What’s Your Story? Creating A Narrative Line

So how do you get started on creating a concrete image and telling YOUR story as an artist? Perhaps the first element we must look at is why any of us wanted to become artists in the first place. What does that story look like? It’s interesting to reflect upon because the path of an artist is difficult in the sense that there is no delineated order of events or schooling that ensures a successful career. Artists self-navigate in many different ways and can still arrive at a destination or goal they want to achieve. Here is an important factor to think about while you are traveling on your journey – you can only live your life forwards, but only understand it backwards. This is the reason why trial and error, in my opinion, are important in your self-realization of who you are and what story you want to portray to your audience. Once you do some digging and can fully see what you want to cultivate, you can develop the narrative line in disseminating your story to the audience. This can greatly help you execute your story as an artist, but also in your life as well!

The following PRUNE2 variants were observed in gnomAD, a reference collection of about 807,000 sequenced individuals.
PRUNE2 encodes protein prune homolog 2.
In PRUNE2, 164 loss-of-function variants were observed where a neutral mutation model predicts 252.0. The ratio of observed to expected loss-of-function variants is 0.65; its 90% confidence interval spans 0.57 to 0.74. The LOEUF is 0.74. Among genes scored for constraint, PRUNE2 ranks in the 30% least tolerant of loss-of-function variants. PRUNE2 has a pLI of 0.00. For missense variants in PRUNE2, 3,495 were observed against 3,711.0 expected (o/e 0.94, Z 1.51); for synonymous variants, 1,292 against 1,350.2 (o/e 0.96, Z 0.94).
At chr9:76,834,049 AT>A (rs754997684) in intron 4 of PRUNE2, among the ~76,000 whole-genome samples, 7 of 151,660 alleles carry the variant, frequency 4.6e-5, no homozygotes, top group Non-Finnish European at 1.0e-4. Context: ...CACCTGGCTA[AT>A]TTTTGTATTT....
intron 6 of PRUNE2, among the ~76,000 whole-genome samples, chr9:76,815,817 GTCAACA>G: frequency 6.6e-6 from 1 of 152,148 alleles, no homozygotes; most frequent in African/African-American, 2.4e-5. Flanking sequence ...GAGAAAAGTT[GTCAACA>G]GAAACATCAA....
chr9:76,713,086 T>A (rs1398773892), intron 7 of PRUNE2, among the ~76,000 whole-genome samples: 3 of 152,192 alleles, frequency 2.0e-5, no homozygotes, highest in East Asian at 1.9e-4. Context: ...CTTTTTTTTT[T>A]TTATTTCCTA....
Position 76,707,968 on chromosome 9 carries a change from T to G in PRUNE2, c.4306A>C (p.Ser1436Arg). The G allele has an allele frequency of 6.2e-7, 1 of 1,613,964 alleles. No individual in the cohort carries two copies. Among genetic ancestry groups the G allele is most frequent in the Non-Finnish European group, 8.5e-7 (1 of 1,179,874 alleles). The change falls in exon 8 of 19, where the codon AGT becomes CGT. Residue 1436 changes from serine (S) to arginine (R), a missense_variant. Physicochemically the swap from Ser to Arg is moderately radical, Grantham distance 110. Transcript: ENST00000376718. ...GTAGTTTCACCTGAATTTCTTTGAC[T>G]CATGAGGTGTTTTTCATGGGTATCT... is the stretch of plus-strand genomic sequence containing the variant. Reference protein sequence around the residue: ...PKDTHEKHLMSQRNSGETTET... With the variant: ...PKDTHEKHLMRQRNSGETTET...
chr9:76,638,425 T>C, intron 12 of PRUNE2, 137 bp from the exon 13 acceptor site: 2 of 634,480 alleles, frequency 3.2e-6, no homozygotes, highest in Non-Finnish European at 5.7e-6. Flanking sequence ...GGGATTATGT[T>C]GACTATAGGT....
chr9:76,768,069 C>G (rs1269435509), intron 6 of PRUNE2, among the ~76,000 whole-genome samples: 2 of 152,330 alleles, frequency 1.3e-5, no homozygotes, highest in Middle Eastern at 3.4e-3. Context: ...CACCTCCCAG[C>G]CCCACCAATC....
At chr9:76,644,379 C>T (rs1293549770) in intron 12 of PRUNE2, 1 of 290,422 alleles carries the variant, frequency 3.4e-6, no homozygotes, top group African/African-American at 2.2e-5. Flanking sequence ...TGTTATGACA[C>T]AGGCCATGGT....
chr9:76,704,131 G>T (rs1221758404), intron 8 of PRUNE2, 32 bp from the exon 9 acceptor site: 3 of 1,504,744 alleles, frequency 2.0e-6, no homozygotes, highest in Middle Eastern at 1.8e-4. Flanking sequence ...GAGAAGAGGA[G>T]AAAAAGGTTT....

A scholar by the name of Potter (2009) sheds tremendous light on creating narrative to hook your audience, especially as it pertains to large amounts of that audience. He explains that the narrative line is key in the audience’s understanding of media messages. This narrative line is important as it trains artists to learn the structure of decision-making. These decisions lead to the design in their message, as they need to complete the picture of options to form their story. The story has to be envisioned in a fashion where audience members can digest the information and decode the message easily. If artists can follow this formula and convention, they will have a successful narrative line. There is a significant importance within the values of the artist. This is because the values of the artists are directly tied to the motivation behind their decisions to highlight certain referents (symbols) in the narrative line. Potter (2009) points out that most audiences concentrate on the “what” of the message, although, I think the “who” should be considered as well.  With thinking of the audience in mind, there should be more options in the maze of decisions for artists when deciding the narrative line, because it is an important element that helps create referents for audience members in messages. This boils down to being perceptive of how the audience can create meaning in their own lives, establishing a dynamic but simple line of thought to follow. If an artist deviates from their brand image too far, or creates contradicting storylines through their narrative – the collective message will be very hard to decode. Very largely it also shows that the artist did not put a lot of consideration into encoding their message. In my opinion, being able to slow down, assess and thereafter plan your narrative line will help you create projects, songs, and messages that help your audience authentically understand your story and want to be apart of it!